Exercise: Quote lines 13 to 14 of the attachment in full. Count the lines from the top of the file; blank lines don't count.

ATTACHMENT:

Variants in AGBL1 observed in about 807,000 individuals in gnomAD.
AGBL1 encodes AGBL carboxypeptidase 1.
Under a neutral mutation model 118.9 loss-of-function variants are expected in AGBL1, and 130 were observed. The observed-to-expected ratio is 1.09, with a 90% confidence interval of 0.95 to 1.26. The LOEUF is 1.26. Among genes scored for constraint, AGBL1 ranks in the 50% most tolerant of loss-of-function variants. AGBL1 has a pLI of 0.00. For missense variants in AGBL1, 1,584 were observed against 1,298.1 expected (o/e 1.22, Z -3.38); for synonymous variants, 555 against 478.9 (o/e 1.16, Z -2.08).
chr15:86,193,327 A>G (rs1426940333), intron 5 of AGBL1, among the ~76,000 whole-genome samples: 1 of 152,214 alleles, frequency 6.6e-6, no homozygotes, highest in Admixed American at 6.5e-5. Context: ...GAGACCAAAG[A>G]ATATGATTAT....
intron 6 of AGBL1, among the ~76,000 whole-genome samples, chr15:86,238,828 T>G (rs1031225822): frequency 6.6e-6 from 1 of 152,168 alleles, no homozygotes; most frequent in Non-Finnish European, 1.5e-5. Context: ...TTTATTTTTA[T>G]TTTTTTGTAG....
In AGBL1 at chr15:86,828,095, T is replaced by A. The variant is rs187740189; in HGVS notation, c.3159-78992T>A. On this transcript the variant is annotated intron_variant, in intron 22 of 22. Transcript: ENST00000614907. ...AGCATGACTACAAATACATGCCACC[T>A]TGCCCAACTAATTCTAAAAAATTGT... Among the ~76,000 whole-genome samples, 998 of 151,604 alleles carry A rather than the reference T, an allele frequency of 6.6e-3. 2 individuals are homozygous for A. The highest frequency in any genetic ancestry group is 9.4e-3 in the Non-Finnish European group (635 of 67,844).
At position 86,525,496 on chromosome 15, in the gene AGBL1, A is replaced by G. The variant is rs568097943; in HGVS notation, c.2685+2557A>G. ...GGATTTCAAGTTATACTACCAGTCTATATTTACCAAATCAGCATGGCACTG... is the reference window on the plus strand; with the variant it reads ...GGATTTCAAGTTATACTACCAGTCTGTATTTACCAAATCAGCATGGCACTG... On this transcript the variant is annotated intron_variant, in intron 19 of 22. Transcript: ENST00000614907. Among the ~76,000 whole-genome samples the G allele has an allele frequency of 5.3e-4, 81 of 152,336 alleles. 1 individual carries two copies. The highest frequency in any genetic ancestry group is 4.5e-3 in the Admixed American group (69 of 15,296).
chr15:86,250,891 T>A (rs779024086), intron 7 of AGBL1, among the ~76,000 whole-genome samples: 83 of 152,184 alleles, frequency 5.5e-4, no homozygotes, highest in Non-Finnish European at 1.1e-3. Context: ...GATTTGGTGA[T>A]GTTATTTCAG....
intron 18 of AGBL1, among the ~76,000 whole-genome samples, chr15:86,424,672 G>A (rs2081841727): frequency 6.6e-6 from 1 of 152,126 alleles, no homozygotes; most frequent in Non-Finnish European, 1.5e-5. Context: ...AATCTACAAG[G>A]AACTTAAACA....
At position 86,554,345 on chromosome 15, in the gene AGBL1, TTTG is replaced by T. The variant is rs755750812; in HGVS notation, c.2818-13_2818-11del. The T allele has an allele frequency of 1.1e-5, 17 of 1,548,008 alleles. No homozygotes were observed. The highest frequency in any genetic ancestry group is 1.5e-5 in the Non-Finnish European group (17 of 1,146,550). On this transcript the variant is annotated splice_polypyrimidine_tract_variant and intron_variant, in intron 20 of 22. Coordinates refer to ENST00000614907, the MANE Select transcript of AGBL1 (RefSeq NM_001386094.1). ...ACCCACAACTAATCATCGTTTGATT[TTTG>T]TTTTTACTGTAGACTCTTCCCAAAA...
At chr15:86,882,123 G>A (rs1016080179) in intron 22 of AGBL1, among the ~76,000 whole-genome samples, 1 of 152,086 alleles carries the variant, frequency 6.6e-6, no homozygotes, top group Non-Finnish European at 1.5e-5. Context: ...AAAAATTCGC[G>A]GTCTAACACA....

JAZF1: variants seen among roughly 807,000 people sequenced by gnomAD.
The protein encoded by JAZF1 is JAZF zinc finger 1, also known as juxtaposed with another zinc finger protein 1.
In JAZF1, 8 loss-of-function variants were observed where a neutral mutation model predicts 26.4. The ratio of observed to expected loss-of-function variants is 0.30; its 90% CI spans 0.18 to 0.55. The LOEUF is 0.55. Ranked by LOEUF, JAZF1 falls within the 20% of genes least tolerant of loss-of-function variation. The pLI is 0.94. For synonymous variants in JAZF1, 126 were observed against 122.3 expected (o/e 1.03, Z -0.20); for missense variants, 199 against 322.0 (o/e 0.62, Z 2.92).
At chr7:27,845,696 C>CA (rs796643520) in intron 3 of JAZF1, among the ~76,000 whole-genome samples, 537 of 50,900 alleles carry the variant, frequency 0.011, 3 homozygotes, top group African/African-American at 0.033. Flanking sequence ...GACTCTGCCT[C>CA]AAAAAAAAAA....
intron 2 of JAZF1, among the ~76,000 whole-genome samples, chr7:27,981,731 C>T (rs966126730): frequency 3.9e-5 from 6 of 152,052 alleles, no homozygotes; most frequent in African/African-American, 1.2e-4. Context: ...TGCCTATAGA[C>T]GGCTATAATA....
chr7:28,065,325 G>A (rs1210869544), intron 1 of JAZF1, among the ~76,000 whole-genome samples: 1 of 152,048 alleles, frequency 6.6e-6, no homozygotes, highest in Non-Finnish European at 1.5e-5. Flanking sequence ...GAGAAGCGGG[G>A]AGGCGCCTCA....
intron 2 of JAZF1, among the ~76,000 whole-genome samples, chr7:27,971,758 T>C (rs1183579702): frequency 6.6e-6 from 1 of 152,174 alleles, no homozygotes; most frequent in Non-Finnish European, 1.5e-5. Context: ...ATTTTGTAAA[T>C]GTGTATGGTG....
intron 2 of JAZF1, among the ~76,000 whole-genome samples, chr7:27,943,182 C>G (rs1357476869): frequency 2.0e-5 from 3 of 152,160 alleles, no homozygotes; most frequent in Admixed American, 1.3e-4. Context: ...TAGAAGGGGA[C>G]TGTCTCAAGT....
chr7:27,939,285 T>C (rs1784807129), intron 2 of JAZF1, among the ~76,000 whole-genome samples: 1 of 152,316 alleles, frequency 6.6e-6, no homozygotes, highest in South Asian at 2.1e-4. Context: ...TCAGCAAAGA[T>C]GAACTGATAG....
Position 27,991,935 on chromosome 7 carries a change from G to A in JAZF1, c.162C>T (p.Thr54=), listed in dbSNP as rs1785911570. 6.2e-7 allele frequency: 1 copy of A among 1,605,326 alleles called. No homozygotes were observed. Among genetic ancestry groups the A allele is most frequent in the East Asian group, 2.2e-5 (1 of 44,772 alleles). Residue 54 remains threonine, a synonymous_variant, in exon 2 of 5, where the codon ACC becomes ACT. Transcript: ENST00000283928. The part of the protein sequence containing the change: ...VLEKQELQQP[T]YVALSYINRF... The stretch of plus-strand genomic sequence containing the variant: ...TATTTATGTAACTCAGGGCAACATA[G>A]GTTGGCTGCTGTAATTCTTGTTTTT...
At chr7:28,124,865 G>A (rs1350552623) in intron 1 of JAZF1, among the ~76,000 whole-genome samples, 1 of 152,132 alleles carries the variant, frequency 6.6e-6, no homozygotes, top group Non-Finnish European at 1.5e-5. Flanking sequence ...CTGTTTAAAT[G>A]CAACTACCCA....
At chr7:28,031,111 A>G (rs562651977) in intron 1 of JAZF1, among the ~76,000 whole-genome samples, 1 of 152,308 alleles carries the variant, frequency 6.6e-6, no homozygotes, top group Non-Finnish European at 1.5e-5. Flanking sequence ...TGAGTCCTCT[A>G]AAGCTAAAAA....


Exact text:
The protein encoded by JAZF1 is JAZF zinc finger 1, also known as juxtaposed with another zinc finger protein 1.
In JAZF1, 8 loss-of-function variants were observed where a neutral mutation model predicts 26.4. The ratio of observed to expected loss-of-function variants is 0.30; its 90% CI spans 0.18 to 0.55. The LOEUF is 0.55. Ranked by LOEUF, JAZF1 falls within the 20% of genes least tolerant of loss-of-function variation. The pLI is 0.94. For synonymous variants in JAZF1, 126 were observed against 122.3 expected (o/e 1.03, Z -0.20); for missense variants, 199 against 322.0 (o/e 0.62, Z 2.92).